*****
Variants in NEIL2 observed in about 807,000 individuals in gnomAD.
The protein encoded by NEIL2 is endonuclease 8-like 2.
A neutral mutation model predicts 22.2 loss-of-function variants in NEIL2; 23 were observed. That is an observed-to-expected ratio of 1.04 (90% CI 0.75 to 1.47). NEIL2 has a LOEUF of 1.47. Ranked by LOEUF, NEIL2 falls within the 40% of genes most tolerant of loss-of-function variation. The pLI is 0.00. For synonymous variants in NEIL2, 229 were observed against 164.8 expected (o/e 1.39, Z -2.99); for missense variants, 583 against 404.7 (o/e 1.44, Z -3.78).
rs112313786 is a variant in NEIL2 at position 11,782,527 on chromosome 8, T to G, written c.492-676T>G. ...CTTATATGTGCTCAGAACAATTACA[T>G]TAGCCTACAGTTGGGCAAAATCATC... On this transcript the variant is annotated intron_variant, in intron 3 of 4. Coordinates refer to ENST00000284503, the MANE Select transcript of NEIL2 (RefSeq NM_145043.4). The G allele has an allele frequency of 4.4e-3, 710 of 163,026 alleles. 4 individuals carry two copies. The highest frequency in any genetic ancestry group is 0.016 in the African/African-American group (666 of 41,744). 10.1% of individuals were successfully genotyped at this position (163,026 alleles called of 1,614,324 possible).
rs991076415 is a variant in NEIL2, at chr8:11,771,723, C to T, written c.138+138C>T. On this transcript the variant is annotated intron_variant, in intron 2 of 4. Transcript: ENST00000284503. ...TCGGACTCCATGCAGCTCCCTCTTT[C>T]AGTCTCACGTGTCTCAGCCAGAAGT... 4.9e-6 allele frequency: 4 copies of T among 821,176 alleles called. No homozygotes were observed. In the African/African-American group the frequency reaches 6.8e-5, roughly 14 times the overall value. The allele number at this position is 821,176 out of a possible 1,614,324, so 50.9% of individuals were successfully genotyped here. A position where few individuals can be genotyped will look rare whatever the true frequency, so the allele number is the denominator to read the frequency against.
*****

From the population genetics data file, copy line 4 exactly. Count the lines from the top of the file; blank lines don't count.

rs112313786 is a variant in NEIL2 at position 11,782,527 on chromosome 8, T to G, written c.492-676T>G. ...CTTATATGTGCTCAGAACAATTACA[T>G]TAGCCTACAGTTGGGCAAAATCATC... On this transcript the variant is annotated intron_variant, in intron 3 of 4. Coordinates refer to ENST00000284503, the MANE Select transcript of NEIL2 (RefSeq NM_145043.4). The G allele has an allele frequency of 4.4e-3, 710 of 163,026 alleles. 4 individuals carry two copies. The highest frequency in any genetic ancestry group is 0.016 in the African/African-American group (666 of 41,744). 10.1% of individuals were successfully genotyped at this position (163,026 alleles called of 1,614,324 possible).